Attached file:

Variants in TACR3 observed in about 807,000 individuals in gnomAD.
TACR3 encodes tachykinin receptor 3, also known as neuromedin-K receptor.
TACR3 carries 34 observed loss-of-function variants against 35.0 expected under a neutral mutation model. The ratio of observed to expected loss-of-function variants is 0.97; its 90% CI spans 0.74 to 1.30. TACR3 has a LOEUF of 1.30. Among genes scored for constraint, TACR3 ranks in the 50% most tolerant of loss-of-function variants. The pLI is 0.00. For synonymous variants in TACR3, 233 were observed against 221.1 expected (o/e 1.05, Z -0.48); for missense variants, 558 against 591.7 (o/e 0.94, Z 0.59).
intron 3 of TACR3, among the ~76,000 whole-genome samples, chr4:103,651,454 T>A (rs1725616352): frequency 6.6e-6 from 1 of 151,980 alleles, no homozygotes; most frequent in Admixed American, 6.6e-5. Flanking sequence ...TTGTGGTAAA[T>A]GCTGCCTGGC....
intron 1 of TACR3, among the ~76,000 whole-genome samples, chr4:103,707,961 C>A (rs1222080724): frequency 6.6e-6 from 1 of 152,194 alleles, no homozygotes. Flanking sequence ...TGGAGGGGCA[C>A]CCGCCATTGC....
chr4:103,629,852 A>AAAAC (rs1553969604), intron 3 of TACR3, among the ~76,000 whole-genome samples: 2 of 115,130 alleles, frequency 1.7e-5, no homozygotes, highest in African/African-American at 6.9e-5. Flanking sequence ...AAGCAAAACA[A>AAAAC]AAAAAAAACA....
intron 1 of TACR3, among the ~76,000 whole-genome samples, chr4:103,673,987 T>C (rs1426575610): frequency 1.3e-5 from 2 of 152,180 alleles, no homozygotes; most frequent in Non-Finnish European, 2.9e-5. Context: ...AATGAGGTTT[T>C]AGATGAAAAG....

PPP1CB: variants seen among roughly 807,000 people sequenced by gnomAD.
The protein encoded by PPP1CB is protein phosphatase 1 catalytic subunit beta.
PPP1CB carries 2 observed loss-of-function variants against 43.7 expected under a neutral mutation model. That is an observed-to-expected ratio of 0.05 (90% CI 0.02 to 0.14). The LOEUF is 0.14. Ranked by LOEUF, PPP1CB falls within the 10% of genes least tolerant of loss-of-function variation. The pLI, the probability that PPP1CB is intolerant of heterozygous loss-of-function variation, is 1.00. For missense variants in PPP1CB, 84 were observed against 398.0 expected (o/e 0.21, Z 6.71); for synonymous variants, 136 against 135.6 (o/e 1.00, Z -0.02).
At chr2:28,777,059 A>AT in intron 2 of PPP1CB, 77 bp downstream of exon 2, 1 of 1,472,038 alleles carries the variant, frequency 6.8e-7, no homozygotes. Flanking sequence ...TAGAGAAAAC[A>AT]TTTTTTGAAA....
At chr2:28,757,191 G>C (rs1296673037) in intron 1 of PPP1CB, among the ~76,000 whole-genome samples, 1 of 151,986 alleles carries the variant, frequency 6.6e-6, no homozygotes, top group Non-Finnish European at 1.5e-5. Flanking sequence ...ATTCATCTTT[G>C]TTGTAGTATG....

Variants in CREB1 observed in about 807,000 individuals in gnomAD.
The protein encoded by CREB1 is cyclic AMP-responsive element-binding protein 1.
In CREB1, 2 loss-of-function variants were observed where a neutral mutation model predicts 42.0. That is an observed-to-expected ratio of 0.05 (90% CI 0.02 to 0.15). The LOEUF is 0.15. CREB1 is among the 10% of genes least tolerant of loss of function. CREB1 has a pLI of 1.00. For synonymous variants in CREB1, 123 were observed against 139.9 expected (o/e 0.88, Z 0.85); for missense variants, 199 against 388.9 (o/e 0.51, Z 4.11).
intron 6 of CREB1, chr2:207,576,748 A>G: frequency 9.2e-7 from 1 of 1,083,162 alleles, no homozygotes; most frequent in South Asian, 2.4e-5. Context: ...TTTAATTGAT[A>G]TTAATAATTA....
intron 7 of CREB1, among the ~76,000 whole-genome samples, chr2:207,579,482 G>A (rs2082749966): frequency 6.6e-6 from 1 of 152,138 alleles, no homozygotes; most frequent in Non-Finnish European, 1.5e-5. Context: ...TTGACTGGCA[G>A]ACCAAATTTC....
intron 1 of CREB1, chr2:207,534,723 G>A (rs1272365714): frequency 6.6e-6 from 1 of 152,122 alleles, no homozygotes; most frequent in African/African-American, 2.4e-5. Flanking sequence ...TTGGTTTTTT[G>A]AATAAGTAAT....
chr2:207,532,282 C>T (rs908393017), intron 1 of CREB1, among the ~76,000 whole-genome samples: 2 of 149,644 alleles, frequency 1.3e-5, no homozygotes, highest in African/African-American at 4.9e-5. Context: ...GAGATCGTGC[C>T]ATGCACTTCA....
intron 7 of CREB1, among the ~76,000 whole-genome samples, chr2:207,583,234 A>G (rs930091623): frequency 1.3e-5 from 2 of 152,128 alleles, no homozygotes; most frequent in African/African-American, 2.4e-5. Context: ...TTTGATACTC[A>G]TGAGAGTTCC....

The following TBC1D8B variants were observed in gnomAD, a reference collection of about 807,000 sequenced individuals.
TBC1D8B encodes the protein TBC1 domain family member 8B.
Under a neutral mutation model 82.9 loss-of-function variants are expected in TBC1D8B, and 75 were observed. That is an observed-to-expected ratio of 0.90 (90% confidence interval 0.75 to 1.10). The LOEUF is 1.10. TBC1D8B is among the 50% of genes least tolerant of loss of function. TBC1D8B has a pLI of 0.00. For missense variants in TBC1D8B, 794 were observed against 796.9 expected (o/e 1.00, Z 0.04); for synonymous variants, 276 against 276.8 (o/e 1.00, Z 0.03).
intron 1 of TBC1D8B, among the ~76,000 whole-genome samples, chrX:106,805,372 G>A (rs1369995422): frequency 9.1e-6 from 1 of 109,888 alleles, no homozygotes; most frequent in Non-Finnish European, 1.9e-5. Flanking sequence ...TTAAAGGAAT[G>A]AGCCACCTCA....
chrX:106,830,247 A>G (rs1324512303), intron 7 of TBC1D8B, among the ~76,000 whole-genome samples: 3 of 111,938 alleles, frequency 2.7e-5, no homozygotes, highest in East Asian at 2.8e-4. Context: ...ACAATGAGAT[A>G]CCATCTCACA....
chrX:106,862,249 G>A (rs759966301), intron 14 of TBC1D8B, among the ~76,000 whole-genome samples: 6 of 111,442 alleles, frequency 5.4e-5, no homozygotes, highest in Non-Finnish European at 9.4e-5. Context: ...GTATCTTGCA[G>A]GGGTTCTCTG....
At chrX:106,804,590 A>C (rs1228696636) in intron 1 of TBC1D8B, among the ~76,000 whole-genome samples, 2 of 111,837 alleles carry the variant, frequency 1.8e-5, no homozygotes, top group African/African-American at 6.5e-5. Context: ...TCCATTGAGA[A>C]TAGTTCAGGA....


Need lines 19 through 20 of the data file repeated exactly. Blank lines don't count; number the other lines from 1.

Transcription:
chr2:207,532,282 C>T (rs908393017), intron 1 of CREB1, among the ~76,000 whole-genome samples: 2 of 149,644 alleles, frequency 1.3e-5, no homozygotes, highest in African/African-American at 4.9e-5. Context: ...GAGATCGTGC[C>T]ATGCACTTCA....
intron 7 of CREB1, among the ~76,000 whole-genome samples, chr2:207,583,234 A>G (rs930091623): frequency 1.3e-5 from 2 of 152,128 alleles, no homozygotes; most frequent in African/African-American, 2.4e-5. Context: ...TTTGATACTC[A>G]TGAGAGTTCC....